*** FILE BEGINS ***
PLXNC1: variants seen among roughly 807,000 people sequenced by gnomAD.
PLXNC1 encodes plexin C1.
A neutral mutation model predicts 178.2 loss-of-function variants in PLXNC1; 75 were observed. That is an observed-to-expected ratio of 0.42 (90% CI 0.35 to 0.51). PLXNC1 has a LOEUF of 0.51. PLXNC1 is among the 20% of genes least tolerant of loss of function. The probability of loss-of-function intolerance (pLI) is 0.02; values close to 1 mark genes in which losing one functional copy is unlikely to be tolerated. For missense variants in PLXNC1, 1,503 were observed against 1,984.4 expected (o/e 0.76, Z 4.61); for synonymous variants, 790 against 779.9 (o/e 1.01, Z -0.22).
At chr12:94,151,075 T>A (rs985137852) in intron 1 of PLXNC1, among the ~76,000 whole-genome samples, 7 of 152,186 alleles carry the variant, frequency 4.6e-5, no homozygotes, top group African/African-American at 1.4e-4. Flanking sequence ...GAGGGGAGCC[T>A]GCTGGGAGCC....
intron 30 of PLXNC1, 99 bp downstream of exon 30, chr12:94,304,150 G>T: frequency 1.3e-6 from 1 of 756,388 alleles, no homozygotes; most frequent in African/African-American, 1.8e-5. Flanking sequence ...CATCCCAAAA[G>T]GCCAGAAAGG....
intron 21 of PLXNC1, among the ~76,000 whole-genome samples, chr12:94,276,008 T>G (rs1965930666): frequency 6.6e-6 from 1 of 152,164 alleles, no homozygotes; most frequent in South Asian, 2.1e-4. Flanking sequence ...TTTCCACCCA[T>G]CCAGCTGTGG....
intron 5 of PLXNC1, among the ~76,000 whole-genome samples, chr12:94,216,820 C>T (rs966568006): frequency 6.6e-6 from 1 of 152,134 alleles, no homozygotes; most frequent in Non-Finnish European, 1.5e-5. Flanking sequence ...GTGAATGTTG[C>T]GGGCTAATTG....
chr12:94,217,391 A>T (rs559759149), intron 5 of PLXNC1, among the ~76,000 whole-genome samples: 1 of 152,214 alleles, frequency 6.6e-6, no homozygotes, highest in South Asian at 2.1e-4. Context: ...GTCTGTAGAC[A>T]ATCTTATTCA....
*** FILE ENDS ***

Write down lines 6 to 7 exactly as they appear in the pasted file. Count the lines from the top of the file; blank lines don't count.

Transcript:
intron 21 of PLXNC1, among the ~76,000 whole-genome samples, chr12:94,276,008 T>G (rs1965930666): frequency 6.6e-6 from 1 of 152,164 alleles, no homozygotes; most frequent in South Asian, 2.1e-4. Flanking sequence ...TTTCCACCCA[T>G]CCAGCTGTGG....
intron 5 of PLXNC1, among the ~76,000 whole-genome samples, chr12:94,216,820 C>T (rs966568006): frequency 6.6e-6 from 1 of 152,134 alleles, no homozygotes; most frequent in Non-Finnish European, 1.5e-5. Flanking sequence ...GTGAATGTTG[C>T]GGGCTAATTG....